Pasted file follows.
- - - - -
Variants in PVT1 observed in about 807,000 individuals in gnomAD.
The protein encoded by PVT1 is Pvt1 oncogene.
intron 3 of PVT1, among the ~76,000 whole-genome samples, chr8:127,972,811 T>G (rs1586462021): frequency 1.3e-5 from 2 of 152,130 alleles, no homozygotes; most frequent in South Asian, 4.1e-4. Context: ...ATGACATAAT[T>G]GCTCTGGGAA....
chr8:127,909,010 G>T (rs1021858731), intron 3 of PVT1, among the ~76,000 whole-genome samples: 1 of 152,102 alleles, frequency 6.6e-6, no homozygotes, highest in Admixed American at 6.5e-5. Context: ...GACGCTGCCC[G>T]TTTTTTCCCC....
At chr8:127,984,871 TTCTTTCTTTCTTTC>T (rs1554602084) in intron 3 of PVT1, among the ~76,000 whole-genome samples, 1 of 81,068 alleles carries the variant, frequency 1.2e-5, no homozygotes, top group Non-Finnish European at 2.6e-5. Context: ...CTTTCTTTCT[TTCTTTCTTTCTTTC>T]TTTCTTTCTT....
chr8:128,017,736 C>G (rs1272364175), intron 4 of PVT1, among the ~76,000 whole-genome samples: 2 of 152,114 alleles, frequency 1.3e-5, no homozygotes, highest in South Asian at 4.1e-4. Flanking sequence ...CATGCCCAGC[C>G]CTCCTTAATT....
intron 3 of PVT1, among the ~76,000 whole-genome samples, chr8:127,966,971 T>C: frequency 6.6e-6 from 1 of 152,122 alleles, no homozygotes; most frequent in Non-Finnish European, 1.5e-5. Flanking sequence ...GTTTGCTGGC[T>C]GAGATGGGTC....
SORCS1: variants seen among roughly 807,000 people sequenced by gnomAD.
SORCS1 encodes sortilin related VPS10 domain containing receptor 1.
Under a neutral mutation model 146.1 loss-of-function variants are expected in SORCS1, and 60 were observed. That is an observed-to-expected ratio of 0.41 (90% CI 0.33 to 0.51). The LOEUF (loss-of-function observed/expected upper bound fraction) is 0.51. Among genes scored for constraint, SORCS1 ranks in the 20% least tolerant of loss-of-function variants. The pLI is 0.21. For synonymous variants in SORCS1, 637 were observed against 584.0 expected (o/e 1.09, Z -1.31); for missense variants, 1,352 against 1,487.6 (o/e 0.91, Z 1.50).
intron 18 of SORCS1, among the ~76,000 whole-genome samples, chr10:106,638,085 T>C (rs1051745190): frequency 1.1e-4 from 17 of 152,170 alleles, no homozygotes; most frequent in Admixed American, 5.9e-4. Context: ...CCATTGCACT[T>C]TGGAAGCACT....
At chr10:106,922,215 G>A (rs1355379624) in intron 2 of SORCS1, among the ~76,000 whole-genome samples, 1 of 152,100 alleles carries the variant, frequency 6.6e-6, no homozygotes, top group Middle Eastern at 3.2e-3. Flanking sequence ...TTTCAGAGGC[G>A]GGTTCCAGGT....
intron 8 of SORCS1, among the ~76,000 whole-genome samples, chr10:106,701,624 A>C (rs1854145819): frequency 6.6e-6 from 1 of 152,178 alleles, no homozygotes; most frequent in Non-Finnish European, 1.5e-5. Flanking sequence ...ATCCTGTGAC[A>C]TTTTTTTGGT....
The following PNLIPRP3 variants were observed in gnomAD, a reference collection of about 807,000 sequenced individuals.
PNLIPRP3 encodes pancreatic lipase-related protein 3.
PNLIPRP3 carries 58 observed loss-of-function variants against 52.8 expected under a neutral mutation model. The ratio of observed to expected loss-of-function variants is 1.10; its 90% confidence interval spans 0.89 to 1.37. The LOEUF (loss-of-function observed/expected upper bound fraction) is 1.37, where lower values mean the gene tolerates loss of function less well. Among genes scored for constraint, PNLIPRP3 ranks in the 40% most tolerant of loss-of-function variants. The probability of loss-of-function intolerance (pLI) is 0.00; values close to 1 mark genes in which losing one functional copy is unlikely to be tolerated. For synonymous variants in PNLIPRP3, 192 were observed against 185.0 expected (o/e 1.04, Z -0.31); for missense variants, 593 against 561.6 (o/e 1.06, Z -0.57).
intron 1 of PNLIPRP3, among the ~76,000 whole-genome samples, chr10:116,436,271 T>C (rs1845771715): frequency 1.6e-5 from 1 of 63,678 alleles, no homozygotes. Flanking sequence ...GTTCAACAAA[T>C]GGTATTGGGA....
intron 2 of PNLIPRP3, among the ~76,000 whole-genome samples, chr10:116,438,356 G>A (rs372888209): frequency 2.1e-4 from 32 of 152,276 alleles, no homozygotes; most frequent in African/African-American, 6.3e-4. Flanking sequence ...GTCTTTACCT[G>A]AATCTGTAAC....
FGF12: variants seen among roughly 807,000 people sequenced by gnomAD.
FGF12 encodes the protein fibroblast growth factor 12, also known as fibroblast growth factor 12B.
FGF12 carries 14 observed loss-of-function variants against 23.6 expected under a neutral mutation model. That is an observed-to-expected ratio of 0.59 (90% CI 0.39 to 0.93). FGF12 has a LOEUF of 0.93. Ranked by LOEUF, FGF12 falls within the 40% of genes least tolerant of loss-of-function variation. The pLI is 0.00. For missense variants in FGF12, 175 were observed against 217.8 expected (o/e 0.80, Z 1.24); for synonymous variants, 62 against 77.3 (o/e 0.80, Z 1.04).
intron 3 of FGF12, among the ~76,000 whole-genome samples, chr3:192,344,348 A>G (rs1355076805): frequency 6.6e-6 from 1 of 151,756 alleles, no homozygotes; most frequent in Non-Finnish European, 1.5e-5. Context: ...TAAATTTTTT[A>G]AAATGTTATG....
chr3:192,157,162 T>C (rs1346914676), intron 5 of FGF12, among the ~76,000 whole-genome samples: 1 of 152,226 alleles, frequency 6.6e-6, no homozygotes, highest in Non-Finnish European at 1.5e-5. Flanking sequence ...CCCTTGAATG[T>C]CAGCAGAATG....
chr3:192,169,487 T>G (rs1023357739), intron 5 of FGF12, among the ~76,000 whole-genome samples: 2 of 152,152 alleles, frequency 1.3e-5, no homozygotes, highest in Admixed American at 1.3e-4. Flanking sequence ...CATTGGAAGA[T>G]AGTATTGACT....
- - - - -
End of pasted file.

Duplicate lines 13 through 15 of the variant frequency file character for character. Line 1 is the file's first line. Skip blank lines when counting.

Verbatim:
intron 8 of SORCS1, among the ~76,000 whole-genome samples, chr10:106,701,624 A>C (rs1854145819): frequency 6.6e-6 from 1 of 152,178 alleles, no homozygotes; most frequent in Non-Finnish European, 1.5e-5. Flanking sequence ...ATCCTGTGAC[A>C]TTTTTTTGGT....
The following PNLIPRP3 variants were observed in gnomAD, a reference collection of about 807,000 sequenced individuals.
PNLIPRP3 encodes pancreatic lipase-related protein 3.